It’s a far cry from the start of her career. Having not been an obsessive music fan growing up (“I did acting, debating and I had a horse”), Banks got involved in the RAG fundraising committee at Reading University and found herself booking and promoting uni gigs from the likes of The Pogues and New Order (her experience running her own gymkhana in her village in Bedfordshire stood her in good stead). She then launched an external promotions company which put on the likes of The Stone Roses and Tad/Nirvana around Reading.
By the time she left university, she was set on a career in the music biz, but definitely not as an agent (“Agents were awful,” she grins. “They were quite disrespectful to you as a promoter a lot of the time”). No other music companies replied to her letters though, so she eventually contacted Ian Flooks at Wasted Talent who called her in for an interview and, eventually, gave her a job. At the time, she was the only female rock/pop agent she knew in the UK.
The students she meets at the BRIT School today are, by Banks’ own admission, a lot more savvy than she was at the same age, leaving her confident about “the future of the arts”. She’s here today as part of her duties around winning the 2018 Music Industry Trusts Award on November 5. She’s the first female executive to do so and follows in the footsteps of fellow Luton Town fan Rob Stringer, surely the only trophy Luton have ever retained.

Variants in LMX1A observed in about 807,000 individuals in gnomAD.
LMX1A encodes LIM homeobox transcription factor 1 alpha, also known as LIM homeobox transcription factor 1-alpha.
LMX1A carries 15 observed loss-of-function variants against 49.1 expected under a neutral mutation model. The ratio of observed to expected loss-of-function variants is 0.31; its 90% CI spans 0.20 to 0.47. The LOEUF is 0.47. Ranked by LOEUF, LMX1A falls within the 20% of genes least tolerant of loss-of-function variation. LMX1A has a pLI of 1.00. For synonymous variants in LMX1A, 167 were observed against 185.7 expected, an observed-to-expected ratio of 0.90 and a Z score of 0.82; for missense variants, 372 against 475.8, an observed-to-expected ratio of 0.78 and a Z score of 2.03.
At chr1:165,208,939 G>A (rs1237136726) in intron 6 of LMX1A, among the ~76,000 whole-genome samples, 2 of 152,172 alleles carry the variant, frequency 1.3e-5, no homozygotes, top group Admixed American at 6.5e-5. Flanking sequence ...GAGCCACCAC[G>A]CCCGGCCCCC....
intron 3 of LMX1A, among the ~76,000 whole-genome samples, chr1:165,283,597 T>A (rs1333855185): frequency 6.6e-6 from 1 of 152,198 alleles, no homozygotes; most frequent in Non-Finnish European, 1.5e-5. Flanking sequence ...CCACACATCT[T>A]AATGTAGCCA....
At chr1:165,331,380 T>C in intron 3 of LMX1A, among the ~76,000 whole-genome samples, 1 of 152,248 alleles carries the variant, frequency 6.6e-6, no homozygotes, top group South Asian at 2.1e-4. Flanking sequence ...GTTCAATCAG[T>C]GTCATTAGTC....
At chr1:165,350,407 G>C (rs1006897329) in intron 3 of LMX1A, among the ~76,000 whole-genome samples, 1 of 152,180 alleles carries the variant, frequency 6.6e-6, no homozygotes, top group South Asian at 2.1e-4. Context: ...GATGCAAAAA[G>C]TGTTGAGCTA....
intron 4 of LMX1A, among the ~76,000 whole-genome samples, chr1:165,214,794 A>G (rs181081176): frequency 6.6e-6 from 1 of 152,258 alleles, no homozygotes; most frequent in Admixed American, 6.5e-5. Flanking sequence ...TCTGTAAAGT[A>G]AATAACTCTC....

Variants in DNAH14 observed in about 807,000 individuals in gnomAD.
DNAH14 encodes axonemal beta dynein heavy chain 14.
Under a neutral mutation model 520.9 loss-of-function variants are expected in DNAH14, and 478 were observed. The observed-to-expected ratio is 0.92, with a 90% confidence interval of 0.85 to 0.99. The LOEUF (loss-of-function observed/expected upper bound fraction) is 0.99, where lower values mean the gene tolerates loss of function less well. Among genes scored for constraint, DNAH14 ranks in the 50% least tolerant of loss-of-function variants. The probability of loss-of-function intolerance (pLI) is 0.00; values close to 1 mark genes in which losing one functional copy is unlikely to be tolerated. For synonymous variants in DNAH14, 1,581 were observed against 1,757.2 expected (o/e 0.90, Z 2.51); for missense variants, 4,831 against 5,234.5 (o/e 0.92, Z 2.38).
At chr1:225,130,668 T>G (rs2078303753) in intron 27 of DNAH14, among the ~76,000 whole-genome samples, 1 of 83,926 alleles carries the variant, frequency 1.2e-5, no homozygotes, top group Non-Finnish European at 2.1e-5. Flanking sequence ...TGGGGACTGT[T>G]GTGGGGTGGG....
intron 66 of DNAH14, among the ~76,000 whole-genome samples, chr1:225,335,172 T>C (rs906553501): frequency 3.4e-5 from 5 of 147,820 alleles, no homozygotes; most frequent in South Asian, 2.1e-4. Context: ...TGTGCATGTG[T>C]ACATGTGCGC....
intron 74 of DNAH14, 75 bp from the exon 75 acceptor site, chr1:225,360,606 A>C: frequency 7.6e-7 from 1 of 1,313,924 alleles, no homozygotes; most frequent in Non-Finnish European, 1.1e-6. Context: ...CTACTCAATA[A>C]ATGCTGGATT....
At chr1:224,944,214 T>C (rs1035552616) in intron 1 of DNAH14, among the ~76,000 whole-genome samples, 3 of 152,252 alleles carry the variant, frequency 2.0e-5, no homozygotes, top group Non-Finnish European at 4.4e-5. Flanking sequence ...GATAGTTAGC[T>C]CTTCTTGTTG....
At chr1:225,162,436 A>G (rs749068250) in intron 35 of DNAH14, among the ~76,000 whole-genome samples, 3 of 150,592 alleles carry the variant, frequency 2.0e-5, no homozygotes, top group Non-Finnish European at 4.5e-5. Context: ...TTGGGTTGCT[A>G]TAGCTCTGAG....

Banks tours the school, trading hair dye tips with the student who interviews her for the in-house TV station (always on duty, she recommends her client Hayley Williams of Paramore’s Good Dye Young brand), watching with rapt attention as an Iranian refugee plays metal guitar in his Nordoff Robbins music therapy session (Banks has a long association with the charity) and giving a frank and funny Q&A to BRIT School principal Stuart Worden in front of the ‘elite music students’. “Sometimes, you just have to bullshit your way through,” she advises them.